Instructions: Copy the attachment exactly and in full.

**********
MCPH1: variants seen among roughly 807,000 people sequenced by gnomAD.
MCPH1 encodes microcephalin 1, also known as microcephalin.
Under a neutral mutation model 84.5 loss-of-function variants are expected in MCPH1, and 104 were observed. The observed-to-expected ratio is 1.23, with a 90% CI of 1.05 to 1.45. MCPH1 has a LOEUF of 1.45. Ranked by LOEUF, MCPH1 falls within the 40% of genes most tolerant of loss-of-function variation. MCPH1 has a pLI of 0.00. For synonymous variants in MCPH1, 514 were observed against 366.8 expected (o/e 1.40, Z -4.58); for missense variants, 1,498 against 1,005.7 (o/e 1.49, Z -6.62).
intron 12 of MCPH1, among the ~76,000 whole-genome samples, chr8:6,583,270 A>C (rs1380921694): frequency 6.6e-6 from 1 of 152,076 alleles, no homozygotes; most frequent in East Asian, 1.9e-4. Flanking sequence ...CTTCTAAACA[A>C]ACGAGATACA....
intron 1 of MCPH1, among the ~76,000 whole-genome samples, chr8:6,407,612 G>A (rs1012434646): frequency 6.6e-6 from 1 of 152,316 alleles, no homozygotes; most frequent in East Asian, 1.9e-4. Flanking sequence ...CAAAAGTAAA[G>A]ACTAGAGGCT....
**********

MCPH1: variants seen among roughly 807,000 people sequenced by gnomAD.
MCPH1 encodes microcephalin 1, also known as microcephalin.
Under a neutral mutation model 84.5 loss-of-function variants are expected in MCPH1, and 104 were observed. The observed-to-expected ratio is 1.23, with a 90% CI of 1.05 to 1.45. MCPH1 has a LOEUF of 1.45. Ranked by LOEUF, MCPH1 falls within the 40% of genes most tolerant of loss-of-function variation. MCPH1 has a pLI of 0.00. For synonymous variants in MCPH1, 514 were observed against 366.8 expected (o/e 1.40, Z -4.58); for missense variants, 1,498 against 1,005.7 (o/e 1.49, Z -6.62).
intron 12 of MCPH1, among the ~76,000 whole-genome samples, chr8:6,583,270 A>C (rs1380921694): frequency 6.6e-6 from 1 of 152,076 alleles, no homozygotes; most frequent in East Asian, 1.9e-4. Flanking sequence ...CTTCTAAACA[A>C]ACGAGATACA....
intron 1 of MCPH1, among the ~76,000 whole-genome samples, chr8:6,407,612 G>A (rs1012434646): frequency 6.6e-6 from 1 of 152,316 alleles, no homozygotes; most frequent in East Asian, 1.9e-4. Flanking sequence ...CAAAAGTAAA[G>A]ACTAGAGGCT....